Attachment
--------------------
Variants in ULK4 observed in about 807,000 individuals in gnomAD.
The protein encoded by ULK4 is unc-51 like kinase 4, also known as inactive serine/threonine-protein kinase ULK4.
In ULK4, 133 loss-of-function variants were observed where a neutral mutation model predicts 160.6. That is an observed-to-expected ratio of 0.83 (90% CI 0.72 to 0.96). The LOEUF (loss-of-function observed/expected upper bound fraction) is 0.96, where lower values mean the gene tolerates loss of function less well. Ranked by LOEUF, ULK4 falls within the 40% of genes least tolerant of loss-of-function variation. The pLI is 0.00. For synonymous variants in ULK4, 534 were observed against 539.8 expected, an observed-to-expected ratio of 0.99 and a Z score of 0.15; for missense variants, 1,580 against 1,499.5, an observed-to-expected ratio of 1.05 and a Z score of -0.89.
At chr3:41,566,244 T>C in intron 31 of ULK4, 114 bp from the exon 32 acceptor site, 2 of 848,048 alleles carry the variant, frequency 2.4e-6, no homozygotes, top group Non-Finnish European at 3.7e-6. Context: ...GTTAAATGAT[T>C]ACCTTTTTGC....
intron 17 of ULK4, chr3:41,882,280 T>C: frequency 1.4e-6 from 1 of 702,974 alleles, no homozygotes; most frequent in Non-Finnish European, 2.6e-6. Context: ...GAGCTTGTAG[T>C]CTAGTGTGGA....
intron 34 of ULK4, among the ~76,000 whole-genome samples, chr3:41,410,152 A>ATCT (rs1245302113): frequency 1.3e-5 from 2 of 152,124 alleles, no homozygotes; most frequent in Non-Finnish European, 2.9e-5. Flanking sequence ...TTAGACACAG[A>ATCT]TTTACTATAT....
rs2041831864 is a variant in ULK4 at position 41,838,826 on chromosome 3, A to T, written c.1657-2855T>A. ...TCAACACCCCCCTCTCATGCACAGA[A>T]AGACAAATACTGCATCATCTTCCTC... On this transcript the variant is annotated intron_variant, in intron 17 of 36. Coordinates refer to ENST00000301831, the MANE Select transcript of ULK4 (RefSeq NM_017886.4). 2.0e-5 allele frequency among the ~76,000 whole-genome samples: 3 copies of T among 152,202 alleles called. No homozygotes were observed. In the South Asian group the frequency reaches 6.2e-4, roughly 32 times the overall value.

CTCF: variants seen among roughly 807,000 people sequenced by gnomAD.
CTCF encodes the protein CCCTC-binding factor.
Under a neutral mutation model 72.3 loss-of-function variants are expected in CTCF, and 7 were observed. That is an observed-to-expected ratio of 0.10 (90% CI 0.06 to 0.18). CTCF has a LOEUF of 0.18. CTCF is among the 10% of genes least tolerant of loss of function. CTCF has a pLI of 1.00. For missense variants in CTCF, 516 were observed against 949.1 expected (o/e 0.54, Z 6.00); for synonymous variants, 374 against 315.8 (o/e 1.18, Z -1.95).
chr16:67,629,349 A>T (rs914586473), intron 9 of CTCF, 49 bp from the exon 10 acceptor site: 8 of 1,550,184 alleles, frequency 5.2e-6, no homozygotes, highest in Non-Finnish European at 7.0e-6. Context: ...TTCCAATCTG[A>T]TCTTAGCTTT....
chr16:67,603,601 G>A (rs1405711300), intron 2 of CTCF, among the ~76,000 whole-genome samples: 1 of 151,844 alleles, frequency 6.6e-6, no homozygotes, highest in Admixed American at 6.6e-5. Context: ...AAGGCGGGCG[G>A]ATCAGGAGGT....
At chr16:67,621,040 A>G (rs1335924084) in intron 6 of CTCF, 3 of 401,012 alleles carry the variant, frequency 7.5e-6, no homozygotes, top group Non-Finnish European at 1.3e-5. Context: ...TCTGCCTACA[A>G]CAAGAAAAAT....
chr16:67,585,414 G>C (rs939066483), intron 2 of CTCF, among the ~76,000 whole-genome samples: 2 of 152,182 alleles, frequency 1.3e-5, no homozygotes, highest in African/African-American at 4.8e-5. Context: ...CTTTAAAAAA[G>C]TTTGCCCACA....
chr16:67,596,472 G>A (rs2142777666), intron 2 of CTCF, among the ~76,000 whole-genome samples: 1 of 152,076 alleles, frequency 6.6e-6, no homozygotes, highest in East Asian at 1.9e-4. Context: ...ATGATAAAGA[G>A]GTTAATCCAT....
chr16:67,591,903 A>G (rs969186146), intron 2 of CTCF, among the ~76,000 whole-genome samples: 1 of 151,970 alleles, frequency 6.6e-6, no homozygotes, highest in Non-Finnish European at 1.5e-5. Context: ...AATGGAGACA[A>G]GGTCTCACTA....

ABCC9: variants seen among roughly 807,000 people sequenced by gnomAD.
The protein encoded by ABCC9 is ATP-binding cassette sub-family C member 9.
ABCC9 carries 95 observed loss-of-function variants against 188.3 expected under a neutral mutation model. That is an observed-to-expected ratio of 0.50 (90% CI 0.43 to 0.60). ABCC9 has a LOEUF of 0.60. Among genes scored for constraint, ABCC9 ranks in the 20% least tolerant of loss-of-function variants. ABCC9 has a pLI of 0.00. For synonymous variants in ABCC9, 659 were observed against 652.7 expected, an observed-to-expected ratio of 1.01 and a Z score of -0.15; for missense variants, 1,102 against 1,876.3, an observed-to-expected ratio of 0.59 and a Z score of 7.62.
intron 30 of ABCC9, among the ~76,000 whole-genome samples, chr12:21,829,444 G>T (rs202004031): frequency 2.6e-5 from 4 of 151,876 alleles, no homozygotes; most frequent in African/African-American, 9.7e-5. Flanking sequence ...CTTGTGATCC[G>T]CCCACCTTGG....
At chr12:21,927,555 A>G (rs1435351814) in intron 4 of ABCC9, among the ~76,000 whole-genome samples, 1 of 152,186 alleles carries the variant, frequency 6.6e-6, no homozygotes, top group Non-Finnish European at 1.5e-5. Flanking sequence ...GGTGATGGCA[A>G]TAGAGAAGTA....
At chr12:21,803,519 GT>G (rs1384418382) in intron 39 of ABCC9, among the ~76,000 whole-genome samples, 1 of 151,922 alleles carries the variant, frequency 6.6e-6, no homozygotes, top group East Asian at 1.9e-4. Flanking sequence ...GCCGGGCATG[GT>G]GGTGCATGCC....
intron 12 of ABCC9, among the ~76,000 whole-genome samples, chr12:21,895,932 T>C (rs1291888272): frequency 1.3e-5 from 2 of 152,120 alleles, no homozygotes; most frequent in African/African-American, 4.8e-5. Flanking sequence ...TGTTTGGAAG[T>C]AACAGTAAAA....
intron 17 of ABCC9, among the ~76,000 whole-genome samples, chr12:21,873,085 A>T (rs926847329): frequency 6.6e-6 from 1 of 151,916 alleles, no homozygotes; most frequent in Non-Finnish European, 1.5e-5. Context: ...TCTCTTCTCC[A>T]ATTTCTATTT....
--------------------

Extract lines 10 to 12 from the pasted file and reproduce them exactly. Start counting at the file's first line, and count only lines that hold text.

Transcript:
Under a neutral mutation model 72.3 loss-of-function variants are expected in CTCF, and 7 were observed. That is an observed-to-expected ratio of 0.10 (90% CI 0.06 to 0.18). CTCF has a LOEUF of 0.18. CTCF is among the 10% of genes least tolerant of loss of function. CTCF has a pLI of 1.00. For missense variants in CTCF, 516 were observed against 949.1 expected (o/e 0.54, Z 6.00); for synonymous variants, 374 against 315.8 (o/e 1.18, Z -1.95).
chr16:67,629,349 A>T (rs914586473), intron 9 of CTCF, 49 bp from the exon 10 acceptor site: 8 of 1,550,184 alleles, frequency 5.2e-6, no homozygotes, highest in Non-Finnish European at 7.0e-6. Context: ...TTCCAATCTG[A>T]TCTTAGCTTT....
chr16:67,603,601 G>A (rs1405711300), intron 2 of CTCF, among the ~76,000 whole-genome samples: 1 of 151,844 alleles, frequency 6.6e-6, no homozygotes, highest in Admixed American at 6.6e-5. Context: ...AAGGCGGGCG[G>A]ATCAGGAGGT....